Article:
The euphoric rise that marked the beginning of Canada’s cannabis industry seems to be facing a sobering downturn as the razzle-dazzle days give way to a more realistic landscape.
A Long Fought Battle
When Abi Roach reflects on her 20-year campaign for Canada’s cannabis legalization, she draws an analogy she once heard from a former Toronto councillor, likening pot legislation to a “clenched fist.” This imagery, she believes, aptly illustrates the tight control the government had over the cannabis market for centuries.
Roach’s experience in the industry is a testament to the struggle. To operate her famed cannabis consumption space, HotBox, Roach navigated the gray areas of the law, a venue where visitors once hesitated, fearing police intervention.
From Advocate to Empire-Builder
Known as a tenacious advocate for cannabis legalization in Canada, Roach built an empire encompassing 15 varied businesses — from a magazine and tour company to lines of pot accessories and apparel. Despite the challenges, Roach remains optimistic about the future of the industry, emphasizing the need for it to become “just a normal part of everyday life.”
Five years since legalization, there are tangible signs of the industry’s viability: cannabis stores have become commonplace in prime Canadian locations, major companies are expanding their medical marijuana operations to Europe, and the domestic recreational market is now valued in the billions.
A Market Reality Check
However, the initial hopes and predictions following legalization have not been fully realized. Industry giants like Canopy Growth Corp., Aurora Cannabis Inc., and Tilray Brands Inc. are grappling with the market’s turbulence. They’ve downsized, made significant layoffs, and confronted financial statements that paint a picture of unpredictability and a longer journey to profitability than previously expected.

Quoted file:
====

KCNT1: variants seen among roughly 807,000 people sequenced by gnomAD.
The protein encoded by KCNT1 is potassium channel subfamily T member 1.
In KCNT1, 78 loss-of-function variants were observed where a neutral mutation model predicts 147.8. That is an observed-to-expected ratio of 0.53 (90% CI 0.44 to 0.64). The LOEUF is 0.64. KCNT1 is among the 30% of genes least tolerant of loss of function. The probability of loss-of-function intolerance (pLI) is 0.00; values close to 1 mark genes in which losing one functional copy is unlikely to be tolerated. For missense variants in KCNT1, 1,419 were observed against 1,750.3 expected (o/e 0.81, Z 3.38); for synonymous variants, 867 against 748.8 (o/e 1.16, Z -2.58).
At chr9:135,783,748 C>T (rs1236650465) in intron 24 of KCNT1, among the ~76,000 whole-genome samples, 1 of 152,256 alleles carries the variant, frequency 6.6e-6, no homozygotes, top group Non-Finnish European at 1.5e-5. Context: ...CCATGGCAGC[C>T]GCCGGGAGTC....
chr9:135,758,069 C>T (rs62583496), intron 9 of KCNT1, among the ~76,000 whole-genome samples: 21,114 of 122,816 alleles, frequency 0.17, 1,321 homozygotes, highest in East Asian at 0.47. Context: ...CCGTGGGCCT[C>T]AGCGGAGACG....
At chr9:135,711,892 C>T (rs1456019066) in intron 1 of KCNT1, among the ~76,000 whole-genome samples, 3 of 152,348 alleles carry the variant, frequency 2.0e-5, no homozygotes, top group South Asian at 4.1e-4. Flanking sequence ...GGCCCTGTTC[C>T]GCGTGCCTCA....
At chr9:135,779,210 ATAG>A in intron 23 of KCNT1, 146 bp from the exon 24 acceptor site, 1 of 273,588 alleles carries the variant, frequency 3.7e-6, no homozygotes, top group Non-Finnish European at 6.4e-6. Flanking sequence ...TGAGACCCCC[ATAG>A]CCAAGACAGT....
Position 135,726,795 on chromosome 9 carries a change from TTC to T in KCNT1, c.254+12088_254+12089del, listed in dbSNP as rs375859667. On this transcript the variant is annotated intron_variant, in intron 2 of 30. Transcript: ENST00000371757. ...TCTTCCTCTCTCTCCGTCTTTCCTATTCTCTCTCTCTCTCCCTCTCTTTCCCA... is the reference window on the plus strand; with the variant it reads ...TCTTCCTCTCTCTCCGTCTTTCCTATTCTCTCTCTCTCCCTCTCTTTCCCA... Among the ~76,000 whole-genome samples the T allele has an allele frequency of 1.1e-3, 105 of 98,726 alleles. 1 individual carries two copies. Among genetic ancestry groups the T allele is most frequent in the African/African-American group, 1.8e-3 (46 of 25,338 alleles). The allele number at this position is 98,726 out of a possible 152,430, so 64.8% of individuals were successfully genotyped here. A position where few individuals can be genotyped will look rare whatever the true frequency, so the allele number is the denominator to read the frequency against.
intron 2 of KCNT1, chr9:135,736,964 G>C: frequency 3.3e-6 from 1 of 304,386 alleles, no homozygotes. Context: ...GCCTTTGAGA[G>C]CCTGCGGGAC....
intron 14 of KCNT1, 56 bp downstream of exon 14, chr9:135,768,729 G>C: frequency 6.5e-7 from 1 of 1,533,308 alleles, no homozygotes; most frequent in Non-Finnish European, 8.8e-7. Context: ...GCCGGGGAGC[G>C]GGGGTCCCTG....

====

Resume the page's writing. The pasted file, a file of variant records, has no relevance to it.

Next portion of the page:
Roach fears that this downturn might not yet have reached its nadir. “Until there’s a real regulatory reform in all of the main pain points of the industry, we’re going to continue to see companies go bankrupt … and a lot of consolidation in the market,” she predicts.
Pricing Battles and the Illicit Market
As Vivien Azer, a cannabis sector specialist at TD Cowen, points out, one of the significant challenges faced by legal cannabis businesses is competing with the illicit market. The only solution, Azer believes, is offering a comparably priced product.
This sentiment is echoed by the historical pricing trend. A November 2021 report showed the average price for dried cannabis dropping from $11.78 per gram at the beginning of 2019 to $7.50. By the next year, the majority of dried flower products in the Ontario Cannabis Store were priced around $3.50 per gram.
The persistent excise taxes from the federal government further exacerbate the situation. With the decline in cannabis pricing, these tax rates, which seemed reasonable during the time of legalization, are now a significant burden on the industry.
Hopeful Yet Cautious Outlook
Despite the challenges, there remains hope for the industry. Abi Roach remains optimistic about the future of the cannabis market in Canada. “My dream … maybe not in the next five years, but in the next decade, is that we can continue to move people from the unregulated market into the legal market to a point where the legal market is the only market,” she says.